A seismic shift hits The Land at the trade deadline

A seismic shift hits The Land at the trade deadline
CLEVELAND, OH - JANUARY 31: The Cleveland Cavaliers huddle before the game against the Miami Heat on January 31, 2018 at Quicken Loans Arena in Cleveland, Ohio. (Photo by David Liam Kyle/NBAE via Getty Images)

This piece is written by Cavaliers fan and blogger Favian Pua

Less than 24 hours after the Cleveland Cavaliers escaped the Minnesota Timberwolves in a cardiac 140-138 overtime shootout, the squad is now barely recognizable. The Cavaliers dealt away Isaiah Thomas, Channing Frye, Dwyane Wade, Derrick Rose, Jae Crowder, and Iman Shumpert in separate deals, getting back Larry Nance Jr., Jordan Clarkson, Rodney Hood, and George Hill in return.

The Cavaliers entered the 2017-2018 regular season with cautious optimism, believing that their offseason acquisitions would fortify their championship chase in the wake of Kyrie Irving’s departure. Led by LeBron James, who is having another MVP-caliber campaign in year 15, Cleveland went 18-1 from November 11 to December 17, and visions of the Larry O’Brien Trophy returning to The Land started coming into focus.

Unfortunately, those visions were nothing more than a mirage, as the Cavaliers plummeted down the standings at the turn of the calendar year. For the fourth consecutive January, the team faced the harsh winters of Ohio along with a locker room just as frigid.

In 2015, Cleveland fell to 19-20, forcing then-GM David Griffin to make personnel moves that righted the ship in time for the postseason.

In 2016, former head coach David Blatt was fired, a culmination of the brewing discord between him and the rest of the team.

In 2017, the Cavaliers went through a sluggish 7-8 malaise that month, prompting James to demand for a playmaker, a request the team's front office eventually answered (sort of) in the form of more trades.

And yet, none of those previous incidents stack up to the chaos that bubbled up to the surface this season. In 2018, the Cavaliers play apathetic defense, if any at all. Following 53 games, the Cavaliers (31-22, third place in the East) rank second-worst in Defensive Rating (109.9), barely above the Phoenix Suns (110.3). Bickering inside and outside the locker room has been extensively documented. And of course, the impasse of James’s upcoming free agency looms heavily above Cleveland, with their homegrown talent refusing to give any verbal commitment to staying long-term.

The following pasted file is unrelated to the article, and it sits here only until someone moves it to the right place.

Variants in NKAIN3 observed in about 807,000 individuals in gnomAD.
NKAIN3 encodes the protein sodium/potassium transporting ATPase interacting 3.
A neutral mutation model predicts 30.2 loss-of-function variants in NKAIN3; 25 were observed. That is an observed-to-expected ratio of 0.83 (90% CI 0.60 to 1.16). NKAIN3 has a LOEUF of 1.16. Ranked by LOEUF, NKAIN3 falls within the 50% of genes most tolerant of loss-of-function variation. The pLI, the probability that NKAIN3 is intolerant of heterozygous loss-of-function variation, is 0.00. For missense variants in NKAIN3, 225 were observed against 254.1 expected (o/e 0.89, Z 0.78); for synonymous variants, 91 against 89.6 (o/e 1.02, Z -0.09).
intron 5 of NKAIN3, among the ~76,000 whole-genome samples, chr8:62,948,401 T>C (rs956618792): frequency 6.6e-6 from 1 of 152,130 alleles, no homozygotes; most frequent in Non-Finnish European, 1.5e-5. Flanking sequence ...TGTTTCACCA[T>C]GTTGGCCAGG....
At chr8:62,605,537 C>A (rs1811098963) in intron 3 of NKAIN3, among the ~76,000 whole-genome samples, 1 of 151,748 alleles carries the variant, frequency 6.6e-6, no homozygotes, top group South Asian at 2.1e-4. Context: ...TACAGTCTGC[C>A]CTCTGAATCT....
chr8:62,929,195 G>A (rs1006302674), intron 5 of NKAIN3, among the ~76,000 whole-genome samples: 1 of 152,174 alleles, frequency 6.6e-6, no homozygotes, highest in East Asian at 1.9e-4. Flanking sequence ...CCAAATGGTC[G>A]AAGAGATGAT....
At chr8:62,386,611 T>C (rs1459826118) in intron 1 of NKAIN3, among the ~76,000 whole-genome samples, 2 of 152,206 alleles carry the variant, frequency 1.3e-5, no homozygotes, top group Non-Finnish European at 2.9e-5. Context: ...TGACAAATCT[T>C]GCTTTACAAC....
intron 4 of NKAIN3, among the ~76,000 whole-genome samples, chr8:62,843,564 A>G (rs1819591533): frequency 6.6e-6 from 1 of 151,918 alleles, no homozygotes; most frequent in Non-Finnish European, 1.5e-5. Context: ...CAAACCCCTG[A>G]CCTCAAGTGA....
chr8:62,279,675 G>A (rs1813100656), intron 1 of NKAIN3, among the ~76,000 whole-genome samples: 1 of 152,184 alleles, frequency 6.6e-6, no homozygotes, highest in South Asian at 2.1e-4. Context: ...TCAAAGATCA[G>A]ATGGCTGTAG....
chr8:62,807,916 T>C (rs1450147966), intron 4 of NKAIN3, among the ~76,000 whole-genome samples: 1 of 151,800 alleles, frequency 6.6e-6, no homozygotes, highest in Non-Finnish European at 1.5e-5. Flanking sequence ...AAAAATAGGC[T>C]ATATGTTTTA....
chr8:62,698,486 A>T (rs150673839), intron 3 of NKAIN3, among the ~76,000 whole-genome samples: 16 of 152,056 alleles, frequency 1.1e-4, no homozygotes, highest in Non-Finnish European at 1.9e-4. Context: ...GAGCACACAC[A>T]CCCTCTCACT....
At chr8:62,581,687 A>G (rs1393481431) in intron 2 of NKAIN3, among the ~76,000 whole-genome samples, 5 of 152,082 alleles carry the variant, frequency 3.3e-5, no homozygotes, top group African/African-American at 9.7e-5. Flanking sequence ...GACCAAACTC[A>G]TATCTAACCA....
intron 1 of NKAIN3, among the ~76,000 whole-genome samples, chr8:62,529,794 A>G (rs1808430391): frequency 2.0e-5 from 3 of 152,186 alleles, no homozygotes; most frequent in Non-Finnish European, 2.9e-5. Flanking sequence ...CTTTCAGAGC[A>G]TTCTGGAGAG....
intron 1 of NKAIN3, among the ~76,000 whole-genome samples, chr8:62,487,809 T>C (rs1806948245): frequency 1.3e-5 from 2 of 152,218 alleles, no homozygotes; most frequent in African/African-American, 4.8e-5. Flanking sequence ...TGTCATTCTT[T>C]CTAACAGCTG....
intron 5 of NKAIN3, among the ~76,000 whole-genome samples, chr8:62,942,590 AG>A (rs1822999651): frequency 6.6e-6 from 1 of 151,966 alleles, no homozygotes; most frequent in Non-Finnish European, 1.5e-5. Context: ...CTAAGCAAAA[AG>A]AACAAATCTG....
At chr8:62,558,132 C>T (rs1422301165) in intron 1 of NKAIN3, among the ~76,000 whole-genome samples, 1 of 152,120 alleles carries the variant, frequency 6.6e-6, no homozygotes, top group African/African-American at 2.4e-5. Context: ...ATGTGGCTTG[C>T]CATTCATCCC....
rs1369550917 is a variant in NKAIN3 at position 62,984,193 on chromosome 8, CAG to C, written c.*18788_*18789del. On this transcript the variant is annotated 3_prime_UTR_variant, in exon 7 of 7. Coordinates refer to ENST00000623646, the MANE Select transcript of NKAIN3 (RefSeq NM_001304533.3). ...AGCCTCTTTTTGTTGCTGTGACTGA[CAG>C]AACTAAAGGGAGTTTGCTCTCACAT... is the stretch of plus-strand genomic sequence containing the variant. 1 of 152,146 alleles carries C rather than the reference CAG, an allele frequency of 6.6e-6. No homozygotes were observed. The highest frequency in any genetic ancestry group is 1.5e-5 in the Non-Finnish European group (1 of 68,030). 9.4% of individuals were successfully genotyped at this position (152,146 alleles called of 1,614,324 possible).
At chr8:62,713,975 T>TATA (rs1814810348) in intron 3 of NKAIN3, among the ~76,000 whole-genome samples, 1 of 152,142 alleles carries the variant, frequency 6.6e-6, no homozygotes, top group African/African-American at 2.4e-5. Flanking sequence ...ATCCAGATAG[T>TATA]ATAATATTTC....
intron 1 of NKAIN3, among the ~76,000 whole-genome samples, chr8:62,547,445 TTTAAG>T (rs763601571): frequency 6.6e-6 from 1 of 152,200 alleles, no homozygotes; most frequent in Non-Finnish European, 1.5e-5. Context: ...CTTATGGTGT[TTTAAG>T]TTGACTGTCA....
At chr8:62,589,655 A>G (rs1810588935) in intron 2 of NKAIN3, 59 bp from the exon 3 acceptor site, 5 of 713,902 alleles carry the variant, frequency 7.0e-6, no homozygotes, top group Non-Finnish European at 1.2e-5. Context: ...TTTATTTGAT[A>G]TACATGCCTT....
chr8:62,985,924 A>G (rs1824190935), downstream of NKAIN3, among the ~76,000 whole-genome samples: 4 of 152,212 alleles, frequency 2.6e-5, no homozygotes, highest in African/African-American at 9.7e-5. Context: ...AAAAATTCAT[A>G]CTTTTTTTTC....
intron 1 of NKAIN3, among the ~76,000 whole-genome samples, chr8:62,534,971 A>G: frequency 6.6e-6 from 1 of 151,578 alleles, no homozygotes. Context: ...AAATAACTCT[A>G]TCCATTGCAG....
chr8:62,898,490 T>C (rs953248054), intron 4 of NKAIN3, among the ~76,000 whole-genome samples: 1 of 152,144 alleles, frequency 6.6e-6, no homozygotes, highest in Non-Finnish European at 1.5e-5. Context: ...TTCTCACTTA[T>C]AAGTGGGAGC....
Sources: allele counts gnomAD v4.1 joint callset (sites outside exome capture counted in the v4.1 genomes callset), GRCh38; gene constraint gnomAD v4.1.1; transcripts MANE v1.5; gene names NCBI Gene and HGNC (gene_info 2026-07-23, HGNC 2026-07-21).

GM Koby Altman had the unenviable task of delicately balancing the team’s immediate priority of staying within title contention, while laying out the blueprint in the worst-case scenario that James once again takes his talents elsewhere and the team is forced to rebuild anew. Criticized for being too inexperienced for the role, Altman shocked his more tenured peers and gave the Cavaliers a breath of fresh air, nabbing youthful two-way players in an attempt to reinvigorate a dispirited locker room, prior to the trade deadline.

One reminder: Despite all the wheeling and dealing, Altman still possesses the coveted Brooklyn Nets’ pick that has an outside chance of ending up as the number one overall selection in what would be an unprecedented fourth in eight years for the Cavaliers. The idea of James running alongside Luka Doncic or Michael Porter Jr. on the open floor isn't very realistic, but it's not impossible either.

Let's breakdown the trades Altman made over the span of 30 minutes prior to the deadline:

Cleveland Cavaliers receive: Larry Nance Jr., Jordan Clarkson
Los Angeles Lakers receive: Isaiah Thomas, Channing Frye, Cavaliers’ own 2018 first round pick

Thomas never got to show Cleveland “IT Time”. His dreams of a foundational partnership with James as he laid out in The Players’ Tribune never came into fruition. After a paltry 15 games, the Cavaliers’ front office deemed the experiment a failure. Thomas simply exacerbated the Cavaliers’ already poor defense. On the other side of the court, he would hijack the offense with shots off isolation plays that simply did not fall with the same consistency that his attempts used to in previous years.

In a cruel twist of irony, the February 11 rift between Paul Pierce and Thomas regarding the former's jersey retirement is now a moot point since the latter will no longer be on the Cavaliers’ roster when they travel to Boston to play against the Celtics on that day.

Integrating Nance into the frontcourt gives the Cavaliers another rim-runner in the mold of Tristan Thompson, and he has enough tricks in his offensive arsenal to keep defenses honest. Nance is a gung-ho offensive rebounder (2.6 per game) and he will provide the energy and fire that the Cavs have desperately needed during the stretches when they sleepwalk on defense.